The First Lady Effect

Michelle Obama’s been called a one-woman stimulus plan for the fashion industry.

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Michelle Obama in Sophie Theallet on April 28.

Photo By Chip Somodevilla/Getty Images

She’s been called a one-woman stimulus plan for the fashion industry. And certainly the breathless cataloguing of Michelle Obama’s sartorial choices — from the $565 two-tone Lanvin sneakers she wore to a D.C. food bank in mid-May to the black Michael Kors sheath and Peter Soronen corset she donned for a recent Time gala — has shown no sign of abating since her husband took office in January. Along the way, those who produced the clothes, whether J. Crew or high-end designers (despite the kudos she has garnered for the former, Mrs. Obama has shown a considerable penchant for expensive stuff, too), have been catapulted into the limelight. But what impact has such triple-A-list exposure had on their businesses?

Both a little and a lot, it turns out. In terms of name recognition, the effect for some of the smaller types Obama has championed, such as Jason Wu and Thakoon, has been immeasurable. But so far, the bottom-line impact on the klatch of tony designers Obama has worn consistently is, as much as can be measured, less than spectacular.

“There has been a huge interest in special orders, which honestly has helped maintain a business in this gloomy time,” said Peter Soronen, whose pieces — such as the custom-made cherry red dress Obama wore to the Alfalfa Club dinner in March; the cluster-sequined gown she wore to the Governor’s Ball, and the floral dress she wore on Easter Sunday — are sold through Ikram, the Chicago boutique owned by Ikram Goldman, the First Lady’s de facto stylist. (While Soronen’s spokeswoman would not give out specific prices, she said the latter two dresses retail in the upper $3,000 and $2,000 range, respectively.)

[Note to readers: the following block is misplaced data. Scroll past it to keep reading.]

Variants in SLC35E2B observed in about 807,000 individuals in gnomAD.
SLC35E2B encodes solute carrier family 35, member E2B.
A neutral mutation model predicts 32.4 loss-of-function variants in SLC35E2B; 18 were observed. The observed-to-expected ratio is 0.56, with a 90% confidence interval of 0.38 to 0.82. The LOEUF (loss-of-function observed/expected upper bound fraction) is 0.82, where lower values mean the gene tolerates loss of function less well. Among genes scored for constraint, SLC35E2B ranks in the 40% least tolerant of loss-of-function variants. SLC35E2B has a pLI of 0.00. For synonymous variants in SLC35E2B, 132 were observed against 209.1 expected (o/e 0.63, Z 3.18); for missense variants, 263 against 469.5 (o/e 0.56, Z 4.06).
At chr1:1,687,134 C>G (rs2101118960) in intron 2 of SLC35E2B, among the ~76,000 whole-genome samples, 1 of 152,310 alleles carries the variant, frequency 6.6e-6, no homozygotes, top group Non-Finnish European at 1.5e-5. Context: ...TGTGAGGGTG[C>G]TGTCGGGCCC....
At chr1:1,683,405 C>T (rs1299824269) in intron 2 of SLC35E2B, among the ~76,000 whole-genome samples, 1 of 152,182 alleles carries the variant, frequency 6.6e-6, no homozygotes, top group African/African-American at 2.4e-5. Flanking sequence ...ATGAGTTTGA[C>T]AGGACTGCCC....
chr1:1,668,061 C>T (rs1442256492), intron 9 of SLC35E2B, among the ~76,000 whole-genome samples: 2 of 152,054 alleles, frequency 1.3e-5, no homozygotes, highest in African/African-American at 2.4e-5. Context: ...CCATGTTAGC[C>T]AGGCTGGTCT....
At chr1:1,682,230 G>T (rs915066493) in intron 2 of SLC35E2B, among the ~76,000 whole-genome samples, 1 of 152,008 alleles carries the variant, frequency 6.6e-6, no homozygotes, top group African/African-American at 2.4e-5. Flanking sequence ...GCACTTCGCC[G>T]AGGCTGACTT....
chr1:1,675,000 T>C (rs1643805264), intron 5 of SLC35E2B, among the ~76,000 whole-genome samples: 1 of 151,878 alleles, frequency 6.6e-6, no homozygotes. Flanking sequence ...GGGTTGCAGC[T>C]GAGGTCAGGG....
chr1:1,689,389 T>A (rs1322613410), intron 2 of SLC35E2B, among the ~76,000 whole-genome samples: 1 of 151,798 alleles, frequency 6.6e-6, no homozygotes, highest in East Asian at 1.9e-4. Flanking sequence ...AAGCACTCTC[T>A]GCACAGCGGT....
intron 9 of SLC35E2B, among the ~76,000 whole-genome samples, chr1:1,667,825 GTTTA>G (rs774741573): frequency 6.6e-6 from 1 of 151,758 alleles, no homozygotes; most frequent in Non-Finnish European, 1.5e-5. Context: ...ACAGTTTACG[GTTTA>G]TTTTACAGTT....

Soronen, who called his 11-year-old company “a semicouture house” because custom orders make up a large percentage of his business, was quick to add that major retailers have not yet come knocking for his entire collection, although the individual dresses Obama has worn have elicited direct specialty boutique sales orders and, in some instances, requests for an entire new dress.

“With the sequined dress, there were stores that said, ‘How can we get ahold of this?’ And then there were the stylists who called and said, ‘I need a version of that.’ I’m lucky because I’m pretty much a specialty designer anyway, so I can actually handle special orders a lot easier than some companies that have to go through more red tape.”

Of the larger companies from which Obama has chosen clothes, J. Crew has been the most ubiquitous, with the beaded cardigan she wore in Europe (retail price: $298) going on back order nearly immediately, according to creative director Jenna Lyons.

“We didn’t know she was going to be wearing it, so we only had 20 pieces left, and the demand was obviously bigger than that,” said Lyons, who noted that, with the exception of the children’s clothes custom-designed for the Inauguration, Obama buys her J. Crew pieces without the company’s input (as for whispers that J. Crew is simply a token affordable retailer the First Lady dons to appease the peanut gallery, Lyons said: “I really hope that she’s wearing the clothes because she likes them. Everything cannot be Narciso Rodriguez, unless you’re a millionaire….If it’s a token, we’re thrilled to be the beneficiary, but I hope that it’s not”).

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